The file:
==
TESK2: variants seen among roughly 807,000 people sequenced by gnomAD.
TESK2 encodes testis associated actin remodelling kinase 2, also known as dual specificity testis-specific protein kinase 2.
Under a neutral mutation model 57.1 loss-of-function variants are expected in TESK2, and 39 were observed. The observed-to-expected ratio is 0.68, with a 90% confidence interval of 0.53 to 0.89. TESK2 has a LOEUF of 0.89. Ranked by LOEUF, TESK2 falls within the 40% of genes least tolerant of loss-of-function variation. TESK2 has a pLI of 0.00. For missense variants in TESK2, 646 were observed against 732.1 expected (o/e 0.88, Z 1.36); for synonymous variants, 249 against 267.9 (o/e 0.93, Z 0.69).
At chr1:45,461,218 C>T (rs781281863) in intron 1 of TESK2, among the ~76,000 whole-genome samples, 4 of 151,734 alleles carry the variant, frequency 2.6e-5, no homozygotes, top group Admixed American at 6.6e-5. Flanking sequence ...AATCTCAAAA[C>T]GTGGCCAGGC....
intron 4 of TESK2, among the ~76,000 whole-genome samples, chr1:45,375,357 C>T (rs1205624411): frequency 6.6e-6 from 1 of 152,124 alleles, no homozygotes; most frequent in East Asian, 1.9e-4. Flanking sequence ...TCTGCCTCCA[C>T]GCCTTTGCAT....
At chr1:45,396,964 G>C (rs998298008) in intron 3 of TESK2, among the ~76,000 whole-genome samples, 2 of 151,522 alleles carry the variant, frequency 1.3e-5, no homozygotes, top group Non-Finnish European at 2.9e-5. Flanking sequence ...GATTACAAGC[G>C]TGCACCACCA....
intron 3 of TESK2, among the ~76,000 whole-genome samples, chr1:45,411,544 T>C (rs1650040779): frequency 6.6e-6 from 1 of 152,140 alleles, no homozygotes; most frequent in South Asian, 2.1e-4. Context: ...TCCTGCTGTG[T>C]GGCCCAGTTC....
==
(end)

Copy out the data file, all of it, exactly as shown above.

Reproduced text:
TESK2: variants seen among roughly 807,000 people sequenced by gnomAD.
TESK2 encodes testis associated actin remodelling kinase 2, also known as dual specificity testis-specific protein kinase 2.
Under a neutral mutation model 57.1 loss-of-function variants are expected in TESK2, and 39 were observed. The observed-to-expected ratio is 0.68, with a 90% confidence interval of 0.53 to 0.89. TESK2 has a LOEUF of 0.89. Ranked by LOEUF, TESK2 falls within the 40% of genes least tolerant of loss-of-function variation. TESK2 has a pLI of 0.00. For missense variants in TESK2, 646 were observed against 732.1 expected (o/e 0.88, Z 1.36); for synonymous variants, 249 against 267.9 (o/e 0.93, Z 0.69).
At chr1:45,461,218 C>T (rs781281863) in intron 1 of TESK2, among the ~76,000 whole-genome samples, 4 of 151,734 alleles carry the variant, frequency 2.6e-5, no homozygotes, top group Admixed American at 6.6e-5. Flanking sequence ...AATCTCAAAA[C>T]GTGGCCAGGC....
intron 4 of TESK2, among the ~76,000 whole-genome samples, chr1:45,375,357 C>T (rs1205624411): frequency 6.6e-6 from 1 of 152,124 alleles, no homozygotes; most frequent in East Asian, 1.9e-4. Flanking sequence ...TCTGCCTCCA[C>T]GCCTTTGCAT....
At chr1:45,396,964 G>C (rs998298008) in intron 3 of TESK2, among the ~76,000 whole-genome samples, 2 of 151,522 alleles carry the variant, frequency 1.3e-5, no homozygotes, top group Non-Finnish European at 2.9e-5. Flanking sequence ...GATTACAAGC[G>C]TGCACCACCA....
intron 3 of TESK2, among the ~76,000 whole-genome samples, chr1:45,411,544 T>C (rs1650040779): frequency 6.6e-6 from 1 of 152,140 alleles, no homozygotes; most frequent in South Asian, 2.1e-4. Context: ...TCCTGCTGTG[T>C]GGCCCAGTTC....